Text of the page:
As to the horse you were mounting, yeah, I'd guess he was 'protesting' against discomfort/pain associated with mounting(be it bit, being held too tight, sore back, saddle...) that he may not have had with you, but anticipated due to prior experience. BTW if you always mount from the ground, this can be damaging for a horse, to have your weight drag the saddle sideways as you climb aboard. Best use a mounting block whenever possible.I was mounting a horse with a bit in it's mouth. I was not pulling the reins and he violently shook his head up and down vertically... I thought: man this horse is trying to tell me he doesn't like the bit/it hurts?? The other riders told me he was just protesting. During the riding he barely shook his head. I saw the other horses with a bit open their mouth (it looked like they were in pain to me, but maybe I am mistaken) and foaming... They also repeatedly openend and closed their mouth on the bits.
Haha to the last! I don't think it would be that he's itchy. I don't think it's just 'I want to look you in the eye'. But the others are possibilities. Ulcers or saddle pain are possible reasons too.Also the horse I ride turns his head very far backward, looking (I think, he is wearing a fly mask so I don't see his eyes) towards my leg and feet. ... but he still does this every time he knows I am gonna give him some leg aid... I really don't know what he wants to tell me: I am itchy? You annoy me? You hurt me? You are gonna do this wrong? I wanna look you in the eye to see how you feel??? What do you want from me woman?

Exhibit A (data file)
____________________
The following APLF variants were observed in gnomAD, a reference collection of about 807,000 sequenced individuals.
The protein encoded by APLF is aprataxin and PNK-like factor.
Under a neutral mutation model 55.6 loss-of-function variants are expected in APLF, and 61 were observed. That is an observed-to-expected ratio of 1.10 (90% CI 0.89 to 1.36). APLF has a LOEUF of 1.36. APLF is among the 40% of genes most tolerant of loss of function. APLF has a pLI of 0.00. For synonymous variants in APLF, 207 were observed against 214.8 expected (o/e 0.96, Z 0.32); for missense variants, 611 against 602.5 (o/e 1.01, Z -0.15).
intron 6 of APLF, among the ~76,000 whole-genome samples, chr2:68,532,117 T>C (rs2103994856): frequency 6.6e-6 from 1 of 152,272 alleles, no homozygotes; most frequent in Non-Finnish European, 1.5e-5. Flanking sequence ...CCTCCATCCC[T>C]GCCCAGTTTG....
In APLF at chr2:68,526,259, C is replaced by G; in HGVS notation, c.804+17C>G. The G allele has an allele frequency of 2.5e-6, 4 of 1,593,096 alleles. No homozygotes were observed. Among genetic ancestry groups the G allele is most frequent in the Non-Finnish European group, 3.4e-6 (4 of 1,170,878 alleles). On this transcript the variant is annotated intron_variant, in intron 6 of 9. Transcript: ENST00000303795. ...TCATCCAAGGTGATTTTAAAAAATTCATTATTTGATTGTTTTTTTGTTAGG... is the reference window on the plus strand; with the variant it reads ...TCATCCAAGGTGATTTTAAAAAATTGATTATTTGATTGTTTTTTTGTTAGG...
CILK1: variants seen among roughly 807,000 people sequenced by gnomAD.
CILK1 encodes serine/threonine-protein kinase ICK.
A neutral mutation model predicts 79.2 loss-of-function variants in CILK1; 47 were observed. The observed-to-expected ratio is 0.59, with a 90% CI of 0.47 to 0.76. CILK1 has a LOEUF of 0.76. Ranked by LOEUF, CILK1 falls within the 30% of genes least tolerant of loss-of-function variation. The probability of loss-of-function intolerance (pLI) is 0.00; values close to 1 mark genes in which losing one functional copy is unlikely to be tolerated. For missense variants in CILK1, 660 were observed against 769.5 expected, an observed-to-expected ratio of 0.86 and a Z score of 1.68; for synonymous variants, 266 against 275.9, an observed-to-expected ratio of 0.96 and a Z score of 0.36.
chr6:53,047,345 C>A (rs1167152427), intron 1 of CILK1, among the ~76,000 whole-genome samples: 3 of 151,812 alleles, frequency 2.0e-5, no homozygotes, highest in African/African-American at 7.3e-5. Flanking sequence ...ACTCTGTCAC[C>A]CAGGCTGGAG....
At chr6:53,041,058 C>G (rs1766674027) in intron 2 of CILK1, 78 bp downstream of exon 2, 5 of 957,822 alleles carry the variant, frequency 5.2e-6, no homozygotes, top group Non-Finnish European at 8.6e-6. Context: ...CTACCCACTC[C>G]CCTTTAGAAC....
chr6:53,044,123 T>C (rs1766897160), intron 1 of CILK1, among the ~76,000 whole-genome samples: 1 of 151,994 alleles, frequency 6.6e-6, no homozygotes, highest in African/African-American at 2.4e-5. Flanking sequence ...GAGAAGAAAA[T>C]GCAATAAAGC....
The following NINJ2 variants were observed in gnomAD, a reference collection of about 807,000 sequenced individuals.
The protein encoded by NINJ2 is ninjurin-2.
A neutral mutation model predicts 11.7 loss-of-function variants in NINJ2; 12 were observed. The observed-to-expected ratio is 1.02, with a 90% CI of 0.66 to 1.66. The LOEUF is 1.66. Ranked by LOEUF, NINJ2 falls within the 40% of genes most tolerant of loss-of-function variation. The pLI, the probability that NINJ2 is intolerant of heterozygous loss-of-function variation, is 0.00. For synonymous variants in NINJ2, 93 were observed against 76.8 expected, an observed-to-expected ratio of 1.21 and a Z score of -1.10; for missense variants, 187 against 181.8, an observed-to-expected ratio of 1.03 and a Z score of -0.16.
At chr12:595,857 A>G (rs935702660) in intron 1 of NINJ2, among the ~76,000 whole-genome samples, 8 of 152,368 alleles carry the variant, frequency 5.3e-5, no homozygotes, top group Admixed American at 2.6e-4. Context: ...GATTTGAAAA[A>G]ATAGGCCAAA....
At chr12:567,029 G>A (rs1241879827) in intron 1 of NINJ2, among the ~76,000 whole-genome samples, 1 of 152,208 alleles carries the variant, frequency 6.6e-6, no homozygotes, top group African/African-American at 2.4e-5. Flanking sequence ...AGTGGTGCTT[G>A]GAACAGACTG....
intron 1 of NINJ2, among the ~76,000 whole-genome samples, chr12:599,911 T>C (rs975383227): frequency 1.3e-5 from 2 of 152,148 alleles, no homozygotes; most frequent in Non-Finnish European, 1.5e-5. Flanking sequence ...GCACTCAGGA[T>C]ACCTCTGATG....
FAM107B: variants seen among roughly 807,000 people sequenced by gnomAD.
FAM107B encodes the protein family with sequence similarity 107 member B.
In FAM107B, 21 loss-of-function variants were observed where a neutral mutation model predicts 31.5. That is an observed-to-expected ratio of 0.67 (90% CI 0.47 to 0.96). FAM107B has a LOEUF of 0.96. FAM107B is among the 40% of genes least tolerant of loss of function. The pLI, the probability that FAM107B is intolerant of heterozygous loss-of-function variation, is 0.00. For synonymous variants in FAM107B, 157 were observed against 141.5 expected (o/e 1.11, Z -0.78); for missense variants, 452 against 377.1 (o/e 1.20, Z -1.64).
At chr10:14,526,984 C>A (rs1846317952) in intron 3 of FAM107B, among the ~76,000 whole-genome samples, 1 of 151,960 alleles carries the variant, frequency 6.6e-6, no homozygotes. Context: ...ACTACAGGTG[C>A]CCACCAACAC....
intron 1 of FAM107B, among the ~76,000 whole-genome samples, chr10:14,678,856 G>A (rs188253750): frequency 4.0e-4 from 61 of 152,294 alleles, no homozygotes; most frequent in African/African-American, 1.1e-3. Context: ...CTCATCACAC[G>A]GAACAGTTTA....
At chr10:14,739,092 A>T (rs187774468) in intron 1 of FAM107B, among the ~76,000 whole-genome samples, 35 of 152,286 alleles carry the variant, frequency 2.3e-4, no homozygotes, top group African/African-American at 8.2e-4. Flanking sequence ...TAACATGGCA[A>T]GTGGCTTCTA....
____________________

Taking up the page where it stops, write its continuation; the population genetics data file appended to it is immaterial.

Does he turn his bum towards you as you approach, or was he already in this position & turns his head? If he just doesn't move his body but looks at you, I'd guess he's inviting/waiting for you to come to him, or waiting to be told what to do. If he turns his backside on you as you approach, could be that he's threatening or getting ready to bug off, but as he's looking at you 'kindly', it could well be because he's asking for a bum scratch! I have one who will back up to you for a bum scratch!he also turnes his head towards me while his butt is facing me
Pet peeve of mine: Folks "climb aboard" a horse and then think mounting from the ground is a problem. Mounting from the ground is NOT an issue if one mounts correctly:...BTW if you always mount from the ground, this can be damaging for a horse, to have your weight drag the saddle sideways as you climb aboard. Best use a mounting block whenever possible....
Bonding tip: Hand grazing. If you have a safe area to do this, lead your horse to an area outside of it's enclosure, away from his usual buddies and living area, and then just let them graze while holding the lead rope. Trigger and I started out mowing the roadside several times a week, with me just sitting on the ground and holding a longer lead rope so he could roam but not get too far away.